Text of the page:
Let's see: $\mathsf{AD}$ implies that all sets of reals are Lebesgue measurable, have the Baire property, and the perfect set property (so, a version of the continuum hypothesis holds). It is conjectured that it also implies that all sets of reals are Ramsey. All these statements fail (badly) in the presence of choice.

(There is a technical strengthening of $\mathsf{AD}$ known as $\mathsf{AD}^+$ that implies that all sets of reals are Ramsey. It is open whether $\mathsf{AD}$ and this strengthening are actually equivalent.)

$\mathsf{AD}$ implies that there are no nonprincipal ultrafilters on the natural numbers. This in turn has as a corollary that *every* ultrafilter is $\omega_1$-complete. It is this way that the first truly dramatic consequences of determinacy were established:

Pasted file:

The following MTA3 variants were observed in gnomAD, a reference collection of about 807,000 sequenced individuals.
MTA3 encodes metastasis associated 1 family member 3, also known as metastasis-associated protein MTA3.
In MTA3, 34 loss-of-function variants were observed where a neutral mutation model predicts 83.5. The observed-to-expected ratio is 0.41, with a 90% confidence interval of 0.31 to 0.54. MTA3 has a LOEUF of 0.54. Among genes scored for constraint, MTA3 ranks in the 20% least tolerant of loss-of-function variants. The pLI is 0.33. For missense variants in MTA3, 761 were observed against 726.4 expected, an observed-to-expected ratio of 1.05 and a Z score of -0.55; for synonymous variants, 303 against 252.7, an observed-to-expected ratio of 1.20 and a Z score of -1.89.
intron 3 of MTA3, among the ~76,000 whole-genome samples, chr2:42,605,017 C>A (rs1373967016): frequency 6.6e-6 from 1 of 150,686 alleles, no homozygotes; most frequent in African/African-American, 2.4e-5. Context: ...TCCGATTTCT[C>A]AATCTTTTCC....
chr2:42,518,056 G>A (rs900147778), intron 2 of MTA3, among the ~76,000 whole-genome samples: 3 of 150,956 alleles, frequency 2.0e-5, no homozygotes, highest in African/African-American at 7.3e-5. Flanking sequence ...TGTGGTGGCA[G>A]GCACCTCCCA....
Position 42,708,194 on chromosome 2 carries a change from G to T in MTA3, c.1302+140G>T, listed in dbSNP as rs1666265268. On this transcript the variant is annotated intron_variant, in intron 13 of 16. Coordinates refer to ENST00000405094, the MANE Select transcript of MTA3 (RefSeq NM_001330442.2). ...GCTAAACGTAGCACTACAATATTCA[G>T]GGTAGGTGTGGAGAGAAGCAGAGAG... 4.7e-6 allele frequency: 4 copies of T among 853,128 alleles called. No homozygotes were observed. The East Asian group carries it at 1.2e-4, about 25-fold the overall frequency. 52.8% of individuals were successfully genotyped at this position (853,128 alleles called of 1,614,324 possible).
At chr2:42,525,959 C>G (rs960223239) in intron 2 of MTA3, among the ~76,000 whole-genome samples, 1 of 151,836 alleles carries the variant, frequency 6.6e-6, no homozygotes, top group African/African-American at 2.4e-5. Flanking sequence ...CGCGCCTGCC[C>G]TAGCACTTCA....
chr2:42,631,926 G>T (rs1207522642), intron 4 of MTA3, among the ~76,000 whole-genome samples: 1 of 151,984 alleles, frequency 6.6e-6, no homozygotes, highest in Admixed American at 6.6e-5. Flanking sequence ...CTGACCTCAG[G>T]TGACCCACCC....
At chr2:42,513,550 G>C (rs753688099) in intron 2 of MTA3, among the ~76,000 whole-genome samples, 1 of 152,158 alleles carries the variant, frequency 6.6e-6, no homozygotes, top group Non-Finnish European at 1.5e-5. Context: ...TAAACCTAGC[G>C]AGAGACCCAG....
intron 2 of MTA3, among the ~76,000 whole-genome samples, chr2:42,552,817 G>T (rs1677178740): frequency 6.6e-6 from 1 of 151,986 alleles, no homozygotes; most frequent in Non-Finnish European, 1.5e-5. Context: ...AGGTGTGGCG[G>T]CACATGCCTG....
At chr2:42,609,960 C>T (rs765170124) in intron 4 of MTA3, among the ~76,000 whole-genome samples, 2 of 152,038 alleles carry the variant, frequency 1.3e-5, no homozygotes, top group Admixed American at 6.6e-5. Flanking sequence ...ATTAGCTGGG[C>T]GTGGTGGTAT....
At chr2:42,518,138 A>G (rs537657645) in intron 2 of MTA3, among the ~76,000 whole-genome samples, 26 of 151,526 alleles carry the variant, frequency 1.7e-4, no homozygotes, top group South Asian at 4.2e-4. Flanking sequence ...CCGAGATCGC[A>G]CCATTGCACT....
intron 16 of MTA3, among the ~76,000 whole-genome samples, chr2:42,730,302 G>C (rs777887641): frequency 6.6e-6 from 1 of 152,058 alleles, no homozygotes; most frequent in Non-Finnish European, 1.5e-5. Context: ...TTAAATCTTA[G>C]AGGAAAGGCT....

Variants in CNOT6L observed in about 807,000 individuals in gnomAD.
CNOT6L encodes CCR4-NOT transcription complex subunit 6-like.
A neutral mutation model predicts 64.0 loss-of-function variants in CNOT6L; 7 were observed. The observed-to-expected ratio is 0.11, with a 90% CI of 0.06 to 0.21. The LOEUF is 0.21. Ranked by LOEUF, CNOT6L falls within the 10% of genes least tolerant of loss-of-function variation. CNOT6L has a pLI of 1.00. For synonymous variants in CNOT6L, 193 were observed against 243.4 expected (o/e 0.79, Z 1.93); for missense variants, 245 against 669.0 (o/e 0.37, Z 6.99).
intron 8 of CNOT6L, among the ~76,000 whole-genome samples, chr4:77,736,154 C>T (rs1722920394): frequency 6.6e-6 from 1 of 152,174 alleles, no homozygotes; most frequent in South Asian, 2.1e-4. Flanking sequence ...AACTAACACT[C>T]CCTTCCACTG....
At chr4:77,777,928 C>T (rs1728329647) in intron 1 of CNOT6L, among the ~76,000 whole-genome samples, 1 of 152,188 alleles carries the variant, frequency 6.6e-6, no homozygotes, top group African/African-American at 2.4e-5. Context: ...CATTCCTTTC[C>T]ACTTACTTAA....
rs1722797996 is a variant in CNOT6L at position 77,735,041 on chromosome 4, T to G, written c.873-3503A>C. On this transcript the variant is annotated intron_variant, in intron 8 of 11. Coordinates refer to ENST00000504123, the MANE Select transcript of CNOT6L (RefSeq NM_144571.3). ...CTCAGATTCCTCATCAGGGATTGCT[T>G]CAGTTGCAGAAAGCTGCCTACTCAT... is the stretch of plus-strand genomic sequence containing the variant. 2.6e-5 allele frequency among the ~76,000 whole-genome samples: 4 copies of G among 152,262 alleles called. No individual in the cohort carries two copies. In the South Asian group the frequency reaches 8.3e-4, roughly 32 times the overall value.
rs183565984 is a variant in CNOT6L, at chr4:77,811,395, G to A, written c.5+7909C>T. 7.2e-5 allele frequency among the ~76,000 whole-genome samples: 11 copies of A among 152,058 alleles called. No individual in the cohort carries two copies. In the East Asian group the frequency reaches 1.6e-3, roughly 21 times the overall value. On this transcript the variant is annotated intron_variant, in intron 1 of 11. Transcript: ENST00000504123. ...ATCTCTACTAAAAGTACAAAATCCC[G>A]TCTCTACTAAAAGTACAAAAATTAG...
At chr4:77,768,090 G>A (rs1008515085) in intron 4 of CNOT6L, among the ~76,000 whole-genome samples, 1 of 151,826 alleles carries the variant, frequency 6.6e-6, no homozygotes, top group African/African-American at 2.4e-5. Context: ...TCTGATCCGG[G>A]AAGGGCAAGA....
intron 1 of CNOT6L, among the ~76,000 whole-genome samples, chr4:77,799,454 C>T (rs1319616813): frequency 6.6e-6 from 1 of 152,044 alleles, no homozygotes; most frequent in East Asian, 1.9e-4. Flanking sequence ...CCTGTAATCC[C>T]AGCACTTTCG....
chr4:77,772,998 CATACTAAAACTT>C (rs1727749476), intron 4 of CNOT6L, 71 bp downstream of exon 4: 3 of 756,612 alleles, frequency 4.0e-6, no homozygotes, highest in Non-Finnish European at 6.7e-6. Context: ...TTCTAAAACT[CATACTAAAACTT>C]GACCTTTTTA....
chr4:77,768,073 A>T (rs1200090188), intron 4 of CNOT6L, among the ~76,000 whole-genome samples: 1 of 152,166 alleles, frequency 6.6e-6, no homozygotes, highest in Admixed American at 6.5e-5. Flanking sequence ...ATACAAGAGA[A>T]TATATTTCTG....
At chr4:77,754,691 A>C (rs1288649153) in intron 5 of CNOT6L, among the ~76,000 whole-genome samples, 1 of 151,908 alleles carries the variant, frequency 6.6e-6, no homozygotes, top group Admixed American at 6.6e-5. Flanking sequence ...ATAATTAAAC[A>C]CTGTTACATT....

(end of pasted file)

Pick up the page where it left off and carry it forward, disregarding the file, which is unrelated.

Solovay showed that $\omega_1$ is measurable, and in fact the club filter on $\omega_1$ is an ultrafilter. Also, $\omega_2$ is measurable, and the restriction of the club filter to sets of cofinality $\omega$ is an $\omega_2$-complete ultrafilter. Same with cofinality $\omega_1$. On the other hand, $\omega_3,\omega_4,\dots$ are *not* measurable, in fact they are not even regular but have cofinality $\omega_2$. The next regular cardinal is $\omega_{\omega+1}$ which, again, is measurable. It is conjectured that the cofinality function on successor cardinals is nondecreasing below $\Theta$ under $\mathsf{AD}$. Here, $\Theta$ is the supremum of the ordinals that $\mathbb R$ can be mapped onto. Under choice, $\Theta$ is just $\mathfrak c^+$ which, under the continuum hypothesis and choice, is just $\omega_2$. However, here $\Theta$ is a large cardinal. (So, a version of the continuum hypothesis fails.)